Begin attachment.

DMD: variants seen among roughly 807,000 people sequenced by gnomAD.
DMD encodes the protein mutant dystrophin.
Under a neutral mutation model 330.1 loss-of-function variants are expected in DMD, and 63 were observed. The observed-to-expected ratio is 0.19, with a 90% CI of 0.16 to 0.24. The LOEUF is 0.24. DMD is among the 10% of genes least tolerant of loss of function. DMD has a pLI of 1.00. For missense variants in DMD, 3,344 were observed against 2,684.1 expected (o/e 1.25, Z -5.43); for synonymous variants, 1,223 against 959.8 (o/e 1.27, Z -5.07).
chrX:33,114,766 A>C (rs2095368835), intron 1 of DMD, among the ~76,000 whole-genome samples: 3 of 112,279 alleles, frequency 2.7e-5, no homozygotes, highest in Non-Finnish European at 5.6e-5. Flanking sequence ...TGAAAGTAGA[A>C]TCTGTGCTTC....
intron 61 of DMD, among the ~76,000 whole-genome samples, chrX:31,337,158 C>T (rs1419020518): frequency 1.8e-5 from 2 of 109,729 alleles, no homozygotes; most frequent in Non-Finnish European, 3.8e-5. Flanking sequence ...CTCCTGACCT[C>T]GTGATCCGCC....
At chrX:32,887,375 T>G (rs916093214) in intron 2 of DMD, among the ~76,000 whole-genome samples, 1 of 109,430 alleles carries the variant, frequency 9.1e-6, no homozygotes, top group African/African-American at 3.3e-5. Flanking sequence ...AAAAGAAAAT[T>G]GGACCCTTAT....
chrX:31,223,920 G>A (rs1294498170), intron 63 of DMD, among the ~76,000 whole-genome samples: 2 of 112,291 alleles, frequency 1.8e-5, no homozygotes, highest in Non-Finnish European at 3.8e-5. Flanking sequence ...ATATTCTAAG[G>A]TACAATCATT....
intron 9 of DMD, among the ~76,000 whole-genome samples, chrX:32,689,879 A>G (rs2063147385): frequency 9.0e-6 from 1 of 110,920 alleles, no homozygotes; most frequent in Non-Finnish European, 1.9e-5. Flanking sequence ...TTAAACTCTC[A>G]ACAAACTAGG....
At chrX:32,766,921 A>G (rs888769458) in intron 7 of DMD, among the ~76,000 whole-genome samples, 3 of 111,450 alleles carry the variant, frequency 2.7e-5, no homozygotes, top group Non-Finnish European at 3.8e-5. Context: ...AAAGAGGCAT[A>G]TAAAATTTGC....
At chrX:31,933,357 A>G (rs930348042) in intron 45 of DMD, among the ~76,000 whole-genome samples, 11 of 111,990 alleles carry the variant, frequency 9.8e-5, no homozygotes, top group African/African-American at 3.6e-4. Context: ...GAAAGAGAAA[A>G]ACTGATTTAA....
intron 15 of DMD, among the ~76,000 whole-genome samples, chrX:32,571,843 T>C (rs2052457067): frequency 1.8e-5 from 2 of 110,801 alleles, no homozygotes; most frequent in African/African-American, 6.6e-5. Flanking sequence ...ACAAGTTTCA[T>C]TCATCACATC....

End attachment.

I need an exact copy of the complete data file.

DMD: variants seen among roughly 807,000 people sequenced by gnomAD.
DMD encodes the protein mutant dystrophin.
Under a neutral mutation model 330.1 loss-of-function variants are expected in DMD, and 63 were observed. The observed-to-expected ratio is 0.19, with a 90% CI of 0.16 to 0.24. The LOEUF is 0.24. DMD is among the 10% of genes least tolerant of loss of function. DMD has a pLI of 1.00. For missense variants in DMD, 3,344 were observed against 2,684.1 expected (o/e 1.25, Z -5.43); for synonymous variants, 1,223 against 959.8 (o/e 1.27, Z -5.07).
chrX:33,114,766 A>C (rs2095368835), intron 1 of DMD, among the ~76,000 whole-genome samples: 3 of 112,279 alleles, frequency 2.7e-5, no homozygotes, highest in Non-Finnish European at 5.6e-5. Flanking sequence ...TGAAAGTAGA[A>C]TCTGTGCTTC....
intron 61 of DMD, among the ~76,000 whole-genome samples, chrX:31,337,158 C>T (rs1419020518): frequency 1.8e-5 from 2 of 109,729 alleles, no homozygotes; most frequent in Non-Finnish European, 3.8e-5. Flanking sequence ...CTCCTGACCT[C>T]GTGATCCGCC....
At chrX:32,887,375 T>G (rs916093214) in intron 2 of DMD, among the ~76,000 whole-genome samples, 1 of 109,430 alleles carries the variant, frequency 9.1e-6, no homozygotes, top group African/African-American at 3.3e-5. Flanking sequence ...AAAAGAAAAT[T>G]GGACCCTTAT....
chrX:31,223,920 G>A (rs1294498170), intron 63 of DMD, among the ~76,000 whole-genome samples: 2 of 112,291 alleles, frequency 1.8e-5, no homozygotes, highest in Non-Finnish European at 3.8e-5. Flanking sequence ...ATATTCTAAG[G>A]TACAATCATT....
intron 9 of DMD, among the ~76,000 whole-genome samples, chrX:32,689,879 A>G (rs2063147385): frequency 9.0e-6 from 1 of 110,920 alleles, no homozygotes; most frequent in Non-Finnish European, 1.9e-5. Flanking sequence ...TTAAACTCTC[A>G]ACAAACTAGG....
At chrX:32,766,921 A>G (rs888769458) in intron 7 of DMD, among the ~76,000 whole-genome samples, 3 of 111,450 alleles carry the variant, frequency 2.7e-5, no homozygotes, top group Non-Finnish European at 3.8e-5. Context: ...AAAGAGGCAT[A>G]TAAAATTTGC....
At chrX:31,933,357 A>G (rs930348042) in intron 45 of DMD, among the ~76,000 whole-genome samples, 11 of 111,990 alleles carry the variant, frequency 9.8e-5, no homozygotes, top group African/African-American at 3.6e-4. Context: ...GAAAGAGAAA[A>G]ACTGATTTAA....
intron 15 of DMD, among the ~76,000 whole-genome samples, chrX:32,571,843 T>C (rs2052457067): frequency 1.8e-5 from 2 of 110,801 alleles, no homozygotes; most frequent in African/African-American, 6.6e-5. Flanking sequence ...ACAAGTTTCA[T>C]TCATCACATC....